Constituents wanting to talk to congressman greeted by policePosted: Updated:
A group of concerned constituents gathered in front of Congressman David Schweikert's office in Scottsdale, wanting to get in. They wanted a face-to-face meeting and say they were denied and instead were greeted with police.
In town halls across the country, frustrated constituents are demanding their voices be heard by their elected officials.
In Scottsdale, there was a vacant parking lot, an empty office and a Congressman who was not here.
On Thursday, a group of very vocal constituents stood in front of Schweikert's office wanting answers.
"Hello? Is anyone home? Should we send out a Silver Alert," says Karen Guinn, who was knocking at Schweikert's office.
They say they have one simple request and that is to talk with their congressional representative face-to-face.
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"I have real concerns about the new administration. I want to know where he stands on our environment and healthcare. I'm an RN and I've been a nurse here for 30 years," said Colleen Reed.
"This is a democracy. We elected this individual. We should be able to talk to him whether he agrees with us or not," said Pinny Sheoran.
Schweikert has had telephone town halls but she says they want to meet directly with him.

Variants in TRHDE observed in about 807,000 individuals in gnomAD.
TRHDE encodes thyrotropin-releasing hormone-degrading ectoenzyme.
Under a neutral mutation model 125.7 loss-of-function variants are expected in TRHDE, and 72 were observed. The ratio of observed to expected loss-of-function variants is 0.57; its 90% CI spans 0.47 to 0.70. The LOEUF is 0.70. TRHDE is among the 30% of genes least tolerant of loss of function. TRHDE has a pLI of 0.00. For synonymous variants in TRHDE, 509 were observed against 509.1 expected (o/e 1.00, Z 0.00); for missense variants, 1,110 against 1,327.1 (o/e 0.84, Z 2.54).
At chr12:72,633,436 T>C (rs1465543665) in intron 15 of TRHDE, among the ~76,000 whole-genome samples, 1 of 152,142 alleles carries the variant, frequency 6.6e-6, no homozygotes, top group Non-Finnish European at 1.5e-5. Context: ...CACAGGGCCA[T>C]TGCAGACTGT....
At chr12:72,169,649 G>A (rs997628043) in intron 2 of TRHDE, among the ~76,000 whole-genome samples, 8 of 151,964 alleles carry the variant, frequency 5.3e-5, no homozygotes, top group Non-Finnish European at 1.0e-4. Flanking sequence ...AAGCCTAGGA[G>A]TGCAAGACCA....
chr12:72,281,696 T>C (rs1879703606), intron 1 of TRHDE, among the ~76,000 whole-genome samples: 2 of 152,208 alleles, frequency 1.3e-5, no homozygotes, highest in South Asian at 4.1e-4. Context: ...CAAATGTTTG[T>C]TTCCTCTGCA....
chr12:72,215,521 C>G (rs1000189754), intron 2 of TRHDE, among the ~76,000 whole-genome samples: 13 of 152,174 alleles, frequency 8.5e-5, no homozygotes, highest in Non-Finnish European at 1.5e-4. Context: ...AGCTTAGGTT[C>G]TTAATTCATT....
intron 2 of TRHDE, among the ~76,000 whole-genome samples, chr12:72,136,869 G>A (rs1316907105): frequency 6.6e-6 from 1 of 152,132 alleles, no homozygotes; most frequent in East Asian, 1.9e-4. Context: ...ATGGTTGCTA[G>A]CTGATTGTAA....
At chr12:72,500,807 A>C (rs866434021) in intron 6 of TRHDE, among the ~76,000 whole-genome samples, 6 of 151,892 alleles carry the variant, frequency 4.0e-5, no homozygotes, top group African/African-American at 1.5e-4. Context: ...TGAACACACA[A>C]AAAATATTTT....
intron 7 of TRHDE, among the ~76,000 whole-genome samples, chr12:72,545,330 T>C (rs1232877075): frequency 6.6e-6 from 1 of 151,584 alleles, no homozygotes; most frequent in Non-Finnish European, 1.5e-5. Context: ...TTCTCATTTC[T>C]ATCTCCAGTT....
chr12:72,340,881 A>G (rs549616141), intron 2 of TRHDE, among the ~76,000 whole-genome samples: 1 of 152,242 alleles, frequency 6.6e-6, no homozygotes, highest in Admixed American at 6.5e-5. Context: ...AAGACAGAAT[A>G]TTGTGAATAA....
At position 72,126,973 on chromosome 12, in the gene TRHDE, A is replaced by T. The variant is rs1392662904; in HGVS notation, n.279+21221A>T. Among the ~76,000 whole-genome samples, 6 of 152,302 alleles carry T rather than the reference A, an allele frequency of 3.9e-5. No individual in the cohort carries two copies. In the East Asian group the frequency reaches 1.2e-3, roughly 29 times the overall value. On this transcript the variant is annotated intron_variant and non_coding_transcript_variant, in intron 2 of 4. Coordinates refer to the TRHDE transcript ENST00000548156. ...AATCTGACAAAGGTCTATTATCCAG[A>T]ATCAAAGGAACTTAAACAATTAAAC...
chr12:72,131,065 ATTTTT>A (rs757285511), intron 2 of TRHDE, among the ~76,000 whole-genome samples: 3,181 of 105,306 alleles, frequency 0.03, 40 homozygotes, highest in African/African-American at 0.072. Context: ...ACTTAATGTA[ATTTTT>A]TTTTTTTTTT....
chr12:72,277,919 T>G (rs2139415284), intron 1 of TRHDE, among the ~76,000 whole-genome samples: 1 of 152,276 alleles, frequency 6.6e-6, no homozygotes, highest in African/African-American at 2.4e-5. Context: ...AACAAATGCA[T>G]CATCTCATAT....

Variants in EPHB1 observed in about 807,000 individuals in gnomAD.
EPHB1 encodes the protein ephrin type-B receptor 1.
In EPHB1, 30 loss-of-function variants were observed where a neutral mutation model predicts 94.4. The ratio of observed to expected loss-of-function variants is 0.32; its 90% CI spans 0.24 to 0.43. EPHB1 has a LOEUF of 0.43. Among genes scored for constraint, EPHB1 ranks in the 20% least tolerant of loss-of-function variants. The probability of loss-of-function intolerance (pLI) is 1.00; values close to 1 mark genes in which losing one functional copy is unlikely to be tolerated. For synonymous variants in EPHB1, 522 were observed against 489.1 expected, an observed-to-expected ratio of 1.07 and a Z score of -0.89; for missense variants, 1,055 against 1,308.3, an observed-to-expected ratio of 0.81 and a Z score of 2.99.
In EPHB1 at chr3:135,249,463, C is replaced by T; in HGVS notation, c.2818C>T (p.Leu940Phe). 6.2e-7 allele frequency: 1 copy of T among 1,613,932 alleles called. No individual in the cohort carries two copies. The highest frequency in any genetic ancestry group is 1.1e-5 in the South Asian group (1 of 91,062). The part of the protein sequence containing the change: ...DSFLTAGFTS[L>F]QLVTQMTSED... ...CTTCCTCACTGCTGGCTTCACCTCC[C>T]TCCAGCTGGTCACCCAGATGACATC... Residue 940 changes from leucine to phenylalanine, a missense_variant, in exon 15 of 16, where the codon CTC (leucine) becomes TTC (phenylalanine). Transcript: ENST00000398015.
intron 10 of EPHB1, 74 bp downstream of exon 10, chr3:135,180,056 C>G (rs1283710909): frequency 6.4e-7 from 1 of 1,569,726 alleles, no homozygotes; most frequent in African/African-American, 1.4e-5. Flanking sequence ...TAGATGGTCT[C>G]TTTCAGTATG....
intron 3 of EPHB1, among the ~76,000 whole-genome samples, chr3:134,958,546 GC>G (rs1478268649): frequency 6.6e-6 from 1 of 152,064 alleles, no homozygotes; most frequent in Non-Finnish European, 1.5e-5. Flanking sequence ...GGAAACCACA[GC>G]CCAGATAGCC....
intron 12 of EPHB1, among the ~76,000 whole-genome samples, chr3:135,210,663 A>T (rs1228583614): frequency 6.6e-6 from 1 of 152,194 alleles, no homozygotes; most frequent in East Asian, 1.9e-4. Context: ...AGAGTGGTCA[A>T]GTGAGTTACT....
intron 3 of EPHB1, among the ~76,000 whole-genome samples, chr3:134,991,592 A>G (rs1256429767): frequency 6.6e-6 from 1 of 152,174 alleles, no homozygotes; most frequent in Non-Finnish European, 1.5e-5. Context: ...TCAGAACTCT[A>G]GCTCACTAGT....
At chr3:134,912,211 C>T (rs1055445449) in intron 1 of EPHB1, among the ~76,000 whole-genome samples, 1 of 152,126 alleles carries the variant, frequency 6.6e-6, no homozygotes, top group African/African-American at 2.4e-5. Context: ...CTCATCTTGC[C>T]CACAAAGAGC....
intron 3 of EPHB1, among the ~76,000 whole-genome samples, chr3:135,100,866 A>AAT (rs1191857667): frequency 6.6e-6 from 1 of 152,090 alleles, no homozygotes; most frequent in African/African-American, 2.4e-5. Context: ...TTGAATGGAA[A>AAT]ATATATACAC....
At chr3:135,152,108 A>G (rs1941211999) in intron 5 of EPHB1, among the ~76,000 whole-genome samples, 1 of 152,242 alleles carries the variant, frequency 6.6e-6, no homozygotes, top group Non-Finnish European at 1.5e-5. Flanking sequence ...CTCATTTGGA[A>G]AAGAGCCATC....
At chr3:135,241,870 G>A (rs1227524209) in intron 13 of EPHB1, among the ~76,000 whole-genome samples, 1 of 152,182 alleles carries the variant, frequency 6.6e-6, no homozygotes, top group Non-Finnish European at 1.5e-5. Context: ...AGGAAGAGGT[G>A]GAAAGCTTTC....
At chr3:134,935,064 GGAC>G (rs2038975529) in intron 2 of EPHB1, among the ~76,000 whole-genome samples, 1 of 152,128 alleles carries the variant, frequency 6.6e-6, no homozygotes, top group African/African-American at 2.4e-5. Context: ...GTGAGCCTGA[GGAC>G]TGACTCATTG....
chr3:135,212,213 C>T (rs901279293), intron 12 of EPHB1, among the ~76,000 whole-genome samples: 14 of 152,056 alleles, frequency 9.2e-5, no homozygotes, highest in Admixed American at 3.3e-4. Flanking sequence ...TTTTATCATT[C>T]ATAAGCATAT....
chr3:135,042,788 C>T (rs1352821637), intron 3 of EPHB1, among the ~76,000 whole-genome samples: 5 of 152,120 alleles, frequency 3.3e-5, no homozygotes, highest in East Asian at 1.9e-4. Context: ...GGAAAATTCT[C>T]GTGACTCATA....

But when she and others went to his office Thursday morning, they were met by police officers instead.
"Honestly, I think they're afraid to talk to us. I don't think he wants to hear anything that doesn't fit in his box."
It was nearly the same scenario at Congressman Andy Biggs' office last week.Protesters showed up, Biggs did not, but then the police did.
[READ MORE: Protesters demand Rep. Biggs town hall]
Protesters at Schweikert's office say police shouldn't be showing up and their elected official should be.
"You want to have their ear for a few minutes and just say, 'Hey, this is what's really important to me. He doesn't realize how ticked off everybody is," said Guinn.
We put in a call to Schweikert's office but have not heard back.
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